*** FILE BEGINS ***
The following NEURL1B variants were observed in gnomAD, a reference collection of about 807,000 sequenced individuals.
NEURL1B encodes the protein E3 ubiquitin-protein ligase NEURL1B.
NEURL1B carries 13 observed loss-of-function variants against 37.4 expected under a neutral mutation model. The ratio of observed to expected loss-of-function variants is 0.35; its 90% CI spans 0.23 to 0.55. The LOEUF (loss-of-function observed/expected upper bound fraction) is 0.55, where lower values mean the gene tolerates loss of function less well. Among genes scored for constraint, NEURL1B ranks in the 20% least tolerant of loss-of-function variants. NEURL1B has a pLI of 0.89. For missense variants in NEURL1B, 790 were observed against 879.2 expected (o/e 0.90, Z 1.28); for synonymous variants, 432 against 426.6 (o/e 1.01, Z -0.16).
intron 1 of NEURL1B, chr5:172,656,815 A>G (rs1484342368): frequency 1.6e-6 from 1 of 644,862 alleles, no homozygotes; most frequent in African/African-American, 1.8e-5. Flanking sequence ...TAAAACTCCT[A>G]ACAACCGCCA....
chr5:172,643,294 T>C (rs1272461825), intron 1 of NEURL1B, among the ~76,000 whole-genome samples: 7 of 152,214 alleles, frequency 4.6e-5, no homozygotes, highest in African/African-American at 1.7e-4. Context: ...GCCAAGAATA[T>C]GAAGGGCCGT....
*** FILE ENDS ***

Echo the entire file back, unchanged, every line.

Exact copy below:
The following NEURL1B variants were observed in gnomAD, a reference collection of about 807,000 sequenced individuals.
NEURL1B encodes the protein E3 ubiquitin-protein ligase NEURL1B.
NEURL1B carries 13 observed loss-of-function variants against 37.4 expected under a neutral mutation model. The ratio of observed to expected loss-of-function variants is 0.35; its 90% CI spans 0.23 to 0.55. The LOEUF (loss-of-function observed/expected upper bound fraction) is 0.55, where lower values mean the gene tolerates loss of function less well. Among genes scored for constraint, NEURL1B ranks in the 20% least tolerant of loss-of-function variants. NEURL1B has a pLI of 0.89. For missense variants in NEURL1B, 790 were observed against 879.2 expected (o/e 0.90, Z 1.28); for synonymous variants, 432 against 426.6 (o/e 1.01, Z -0.16).
intron 1 of NEURL1B, chr5:172,656,815 A>G (rs1484342368): frequency 1.6e-6 from 1 of 644,862 alleles, no homozygotes; most frequent in African/African-American, 1.8e-5. Flanking sequence ...TAAAACTCCT[A>G]ACAACCGCCA....
chr5:172,643,294 T>C (rs1272461825), intron 1 of NEURL1B, among the ~76,000 whole-genome samples: 7 of 152,214 alleles, frequency 4.6e-5, no homozygotes, highest in African/African-American at 1.7e-4. Context: ...GCCAAGAATA[T>C]GAAGGGCCGT....